complaint for constructive dismissal and monetary claims four years later or on March 29,
2004. As correctly held by the LA, complainant's cause of action has already prescribed.
Respondent's contention that the prescriptive period was interrupted when he made followups is also untenable. Like other causes of action, the prescriptive period for money claims is
subject to interruption, and in the absence of an equivalent Labor Code provision for
determining whether the said period may be interrupted, Art. 1155 provides that the
prescription of an action is interrupted by (a) the filing of an action, (b) written extrajudicial
demand by the creditor, and (c) a written acknowledgment of the debt by the debtor.
In this case, respondent Pingol never made any written extrajudicial demand. Neither did
petitioner make any written acknowledgment of its alleged obligation. Thus, the claimed
"follow-ups" could not have validly tolled the running of the prescriptive period. It is worthy to
note that respondent never presented any proof to substantiate his allegation of follow-ups.
(Philippine Long Distance Telephone Company v. Roberto Pingol. GR No. 182622,
September 8, 2010).
In the present case, the day came when petitioner learned of Asiakonstrukts deduction from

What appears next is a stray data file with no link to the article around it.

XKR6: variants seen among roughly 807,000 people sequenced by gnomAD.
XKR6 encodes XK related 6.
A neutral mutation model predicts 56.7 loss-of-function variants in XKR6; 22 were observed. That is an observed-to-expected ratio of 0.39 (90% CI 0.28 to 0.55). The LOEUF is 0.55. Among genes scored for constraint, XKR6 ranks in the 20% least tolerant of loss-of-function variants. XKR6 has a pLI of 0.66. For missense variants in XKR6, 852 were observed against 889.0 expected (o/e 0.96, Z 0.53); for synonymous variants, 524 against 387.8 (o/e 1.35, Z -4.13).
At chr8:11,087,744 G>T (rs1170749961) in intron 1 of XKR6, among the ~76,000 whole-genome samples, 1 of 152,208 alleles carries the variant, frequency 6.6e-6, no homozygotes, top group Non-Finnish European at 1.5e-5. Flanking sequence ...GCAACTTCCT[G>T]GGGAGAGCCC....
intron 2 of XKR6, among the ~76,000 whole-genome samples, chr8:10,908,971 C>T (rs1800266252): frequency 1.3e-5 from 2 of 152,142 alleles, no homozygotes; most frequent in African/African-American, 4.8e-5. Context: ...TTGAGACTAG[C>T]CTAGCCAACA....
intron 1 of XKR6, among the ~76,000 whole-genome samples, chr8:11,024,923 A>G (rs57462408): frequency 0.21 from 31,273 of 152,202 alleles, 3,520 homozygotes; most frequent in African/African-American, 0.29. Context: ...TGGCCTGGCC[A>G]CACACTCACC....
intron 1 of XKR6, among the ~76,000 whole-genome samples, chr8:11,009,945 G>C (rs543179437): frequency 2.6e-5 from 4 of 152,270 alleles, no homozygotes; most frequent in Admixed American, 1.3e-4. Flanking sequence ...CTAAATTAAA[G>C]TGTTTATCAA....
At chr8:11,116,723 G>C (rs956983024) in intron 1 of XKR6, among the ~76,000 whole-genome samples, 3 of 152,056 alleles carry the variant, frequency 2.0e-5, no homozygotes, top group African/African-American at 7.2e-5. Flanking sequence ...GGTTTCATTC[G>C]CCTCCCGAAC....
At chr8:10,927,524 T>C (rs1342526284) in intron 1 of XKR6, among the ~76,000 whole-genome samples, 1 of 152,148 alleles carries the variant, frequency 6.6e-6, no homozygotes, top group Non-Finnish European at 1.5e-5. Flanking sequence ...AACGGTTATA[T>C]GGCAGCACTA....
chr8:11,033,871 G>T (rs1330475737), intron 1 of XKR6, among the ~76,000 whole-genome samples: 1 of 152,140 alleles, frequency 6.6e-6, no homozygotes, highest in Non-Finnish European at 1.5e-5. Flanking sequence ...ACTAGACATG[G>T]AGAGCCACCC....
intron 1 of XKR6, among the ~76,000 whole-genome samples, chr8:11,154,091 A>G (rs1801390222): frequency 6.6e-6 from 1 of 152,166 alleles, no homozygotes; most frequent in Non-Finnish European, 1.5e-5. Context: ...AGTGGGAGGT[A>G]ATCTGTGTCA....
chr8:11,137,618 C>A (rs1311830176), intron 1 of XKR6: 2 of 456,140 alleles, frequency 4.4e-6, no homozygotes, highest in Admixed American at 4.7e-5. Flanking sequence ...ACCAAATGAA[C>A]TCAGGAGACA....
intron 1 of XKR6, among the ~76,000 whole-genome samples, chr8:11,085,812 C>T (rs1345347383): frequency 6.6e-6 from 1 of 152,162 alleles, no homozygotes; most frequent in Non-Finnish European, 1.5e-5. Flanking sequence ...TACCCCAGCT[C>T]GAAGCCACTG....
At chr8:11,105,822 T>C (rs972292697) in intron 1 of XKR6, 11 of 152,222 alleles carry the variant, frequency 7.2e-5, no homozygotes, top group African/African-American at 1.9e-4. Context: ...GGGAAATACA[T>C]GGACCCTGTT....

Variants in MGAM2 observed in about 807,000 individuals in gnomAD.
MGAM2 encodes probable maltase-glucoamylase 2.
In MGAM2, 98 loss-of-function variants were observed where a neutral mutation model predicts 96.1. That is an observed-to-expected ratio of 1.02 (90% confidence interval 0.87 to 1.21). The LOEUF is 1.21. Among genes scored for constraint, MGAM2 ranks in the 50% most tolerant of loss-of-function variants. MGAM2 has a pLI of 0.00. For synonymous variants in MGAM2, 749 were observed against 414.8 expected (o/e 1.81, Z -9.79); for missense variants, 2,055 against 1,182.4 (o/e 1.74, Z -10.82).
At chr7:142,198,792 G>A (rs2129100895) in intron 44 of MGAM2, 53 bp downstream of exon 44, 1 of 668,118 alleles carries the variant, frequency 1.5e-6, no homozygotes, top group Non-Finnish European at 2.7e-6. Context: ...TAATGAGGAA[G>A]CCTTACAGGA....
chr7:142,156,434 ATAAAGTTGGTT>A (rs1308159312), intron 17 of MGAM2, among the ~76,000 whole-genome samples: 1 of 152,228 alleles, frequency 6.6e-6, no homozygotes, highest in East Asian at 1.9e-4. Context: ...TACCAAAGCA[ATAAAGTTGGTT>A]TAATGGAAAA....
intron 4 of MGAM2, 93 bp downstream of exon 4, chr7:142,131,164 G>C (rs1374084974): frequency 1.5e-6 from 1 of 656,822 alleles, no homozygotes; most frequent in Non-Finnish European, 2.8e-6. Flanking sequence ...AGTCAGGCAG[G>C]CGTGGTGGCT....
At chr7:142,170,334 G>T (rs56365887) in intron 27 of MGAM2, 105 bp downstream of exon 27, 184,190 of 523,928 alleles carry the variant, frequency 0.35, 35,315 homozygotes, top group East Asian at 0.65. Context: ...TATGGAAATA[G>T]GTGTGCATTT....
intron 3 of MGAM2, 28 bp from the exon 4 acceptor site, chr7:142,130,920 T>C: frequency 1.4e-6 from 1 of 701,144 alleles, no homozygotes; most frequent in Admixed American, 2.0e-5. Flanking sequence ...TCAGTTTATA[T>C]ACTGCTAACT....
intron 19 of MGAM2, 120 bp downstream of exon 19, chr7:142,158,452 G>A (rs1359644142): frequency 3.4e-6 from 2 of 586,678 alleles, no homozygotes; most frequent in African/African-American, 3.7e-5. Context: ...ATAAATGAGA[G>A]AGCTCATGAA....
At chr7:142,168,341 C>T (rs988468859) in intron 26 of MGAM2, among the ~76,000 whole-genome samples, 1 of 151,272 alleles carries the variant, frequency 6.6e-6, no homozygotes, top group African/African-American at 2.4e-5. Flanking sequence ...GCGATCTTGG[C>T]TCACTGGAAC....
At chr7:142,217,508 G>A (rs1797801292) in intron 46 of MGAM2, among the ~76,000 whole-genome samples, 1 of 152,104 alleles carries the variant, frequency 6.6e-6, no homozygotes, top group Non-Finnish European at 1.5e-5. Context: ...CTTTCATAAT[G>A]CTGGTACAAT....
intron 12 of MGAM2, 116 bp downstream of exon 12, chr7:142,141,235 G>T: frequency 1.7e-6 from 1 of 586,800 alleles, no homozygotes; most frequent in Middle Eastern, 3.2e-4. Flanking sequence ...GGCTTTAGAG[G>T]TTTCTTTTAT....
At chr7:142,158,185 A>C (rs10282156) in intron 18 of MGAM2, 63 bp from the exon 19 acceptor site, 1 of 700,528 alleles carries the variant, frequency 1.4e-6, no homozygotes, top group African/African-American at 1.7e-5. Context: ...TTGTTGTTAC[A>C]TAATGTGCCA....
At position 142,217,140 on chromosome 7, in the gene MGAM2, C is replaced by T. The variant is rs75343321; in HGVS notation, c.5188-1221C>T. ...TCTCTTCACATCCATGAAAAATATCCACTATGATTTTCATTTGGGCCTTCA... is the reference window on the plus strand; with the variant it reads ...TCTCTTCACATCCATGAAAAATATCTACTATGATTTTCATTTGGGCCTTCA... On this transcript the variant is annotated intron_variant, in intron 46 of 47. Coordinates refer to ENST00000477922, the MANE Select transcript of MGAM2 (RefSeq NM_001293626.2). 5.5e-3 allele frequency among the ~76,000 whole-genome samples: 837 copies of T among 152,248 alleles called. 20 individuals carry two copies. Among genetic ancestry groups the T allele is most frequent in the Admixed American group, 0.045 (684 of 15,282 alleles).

his salary of the amount of advances he had received but had, by his claim, been settled, the
same having been reflected in his payslips, hence, it is assumed that he learned of it at the
time he received his monthly paychecks. As thus correctly ruled by both the NLRC and the
appellate court, only those illegal deductions made from 1997 to 1999 when he was
dismissed can be claimed, he having filed his complaint only in February 2000. Per his own
computation and as properly adopted by the NLRC in its assailed Resolution dated March 10,
2004, petitioner is thus entitled to reimbursement of P88,000.00.
To properly construe Article 291 of the Labor Code, it is essential to ascertain the time
when the third element of a cause of action transpired. Stated differently, in the computation
of the three-year prescriptive period, a determination must be made as to the period when the
act constituting a violation of the workers right to the benefits being claimed was committed.